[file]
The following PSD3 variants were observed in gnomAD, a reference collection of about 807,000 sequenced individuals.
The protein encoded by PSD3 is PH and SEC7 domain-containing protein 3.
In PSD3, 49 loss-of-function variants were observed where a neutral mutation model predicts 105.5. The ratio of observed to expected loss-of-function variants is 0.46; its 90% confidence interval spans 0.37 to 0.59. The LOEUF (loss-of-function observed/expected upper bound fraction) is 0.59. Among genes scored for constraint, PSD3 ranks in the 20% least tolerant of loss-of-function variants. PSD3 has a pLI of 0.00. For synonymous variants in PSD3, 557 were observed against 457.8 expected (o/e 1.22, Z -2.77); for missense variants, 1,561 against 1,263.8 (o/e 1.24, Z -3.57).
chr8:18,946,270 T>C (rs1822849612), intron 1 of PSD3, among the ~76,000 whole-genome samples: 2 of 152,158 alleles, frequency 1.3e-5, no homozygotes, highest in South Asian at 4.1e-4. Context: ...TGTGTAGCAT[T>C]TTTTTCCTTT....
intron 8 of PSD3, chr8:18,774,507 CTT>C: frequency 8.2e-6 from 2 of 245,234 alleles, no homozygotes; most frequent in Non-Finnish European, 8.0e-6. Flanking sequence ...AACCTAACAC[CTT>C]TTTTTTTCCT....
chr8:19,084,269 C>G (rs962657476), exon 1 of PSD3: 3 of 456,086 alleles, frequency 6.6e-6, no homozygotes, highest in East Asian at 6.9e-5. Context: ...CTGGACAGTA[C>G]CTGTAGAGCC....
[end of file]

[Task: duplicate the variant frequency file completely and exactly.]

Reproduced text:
The following PSD3 variants were observed in gnomAD, a reference collection of about 807,000 sequenced individuals.
The protein encoded by PSD3 is PH and SEC7 domain-containing protein 3.
In PSD3, 49 loss-of-function variants were observed where a neutral mutation model predicts 105.5. The ratio of observed to expected loss-of-function variants is 0.46; its 90% confidence interval spans 0.37 to 0.59. The LOEUF (loss-of-function observed/expected upper bound fraction) is 0.59. Among genes scored for constraint, PSD3 ranks in the 20% least tolerant of loss-of-function variants. PSD3 has a pLI of 0.00. For synonymous variants in PSD3, 557 were observed against 457.8 expected (o/e 1.22, Z -2.77); for missense variants, 1,561 against 1,263.8 (o/e 1.24, Z -3.57).
chr8:18,946,270 T>C (rs1822849612), intron 1 of PSD3, among the ~76,000 whole-genome samples: 2 of 152,158 alleles, frequency 1.3e-5, no homozygotes, highest in South Asian at 4.1e-4. Context: ...TGTGTAGCAT[T>C]TTTTTCCTTT....
intron 8 of PSD3, chr8:18,774,507 CTT>C: frequency 8.2e-6 from 2 of 245,234 alleles, no homozygotes; most frequent in Non-Finnish European, 8.0e-6. Flanking sequence ...AACCTAACAC[CTT>C]TTTTTTTCCT....
chr8:19,084,269 C>G (rs962657476), exon 1 of PSD3: 3 of 456,086 alleles, frequency 6.6e-6, no homozygotes, highest in East Asian at 6.9e-5. Context: ...CTGGACAGTA[C>G]CTGTAGAGCC....